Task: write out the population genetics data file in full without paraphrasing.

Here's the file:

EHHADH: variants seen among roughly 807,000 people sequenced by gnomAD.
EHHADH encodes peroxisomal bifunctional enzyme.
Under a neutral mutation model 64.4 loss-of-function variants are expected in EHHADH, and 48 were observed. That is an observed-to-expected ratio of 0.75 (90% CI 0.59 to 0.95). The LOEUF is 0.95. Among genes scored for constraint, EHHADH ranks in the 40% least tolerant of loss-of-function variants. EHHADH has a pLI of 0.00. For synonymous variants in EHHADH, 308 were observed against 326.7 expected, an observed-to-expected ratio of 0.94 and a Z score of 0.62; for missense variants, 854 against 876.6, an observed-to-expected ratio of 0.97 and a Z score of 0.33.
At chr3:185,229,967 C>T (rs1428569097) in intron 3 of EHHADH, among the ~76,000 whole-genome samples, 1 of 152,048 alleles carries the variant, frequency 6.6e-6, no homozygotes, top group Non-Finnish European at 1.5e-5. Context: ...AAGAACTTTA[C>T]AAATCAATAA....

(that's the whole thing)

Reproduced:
EHHADH: variants seen among roughly 807,000 people sequenced by gnomAD.
EHHADH encodes peroxisomal bifunctional enzyme.
Under a neutral mutation model 64.4 loss-of-function variants are expected in EHHADH, and 48 were observed. That is an observed-to-expected ratio of 0.75 (90% CI 0.59 to 0.95). The LOEUF is 0.95. Among genes scored for constraint, EHHADH ranks in the 40% least tolerant of loss-of-function variants. EHHADH has a pLI of 0.00. For synonymous variants in EHHADH, 308 were observed against 326.7 expected, an observed-to-expected ratio of 0.94 and a Z score of 0.62; for missense variants, 854 against 876.6, an observed-to-expected ratio of 0.97 and a Z score of 0.33.
At chr3:185,229,967 C>T (rs1428569097) in intron 3 of EHHADH, among the ~76,000 whole-genome samples, 1 of 152,048 alleles carries the variant, frequency 6.6e-6, no homozygotes, top group Non-Finnish European at 1.5e-5. Context: ...AAGAACTTTA[C>T]AAATCAATAA....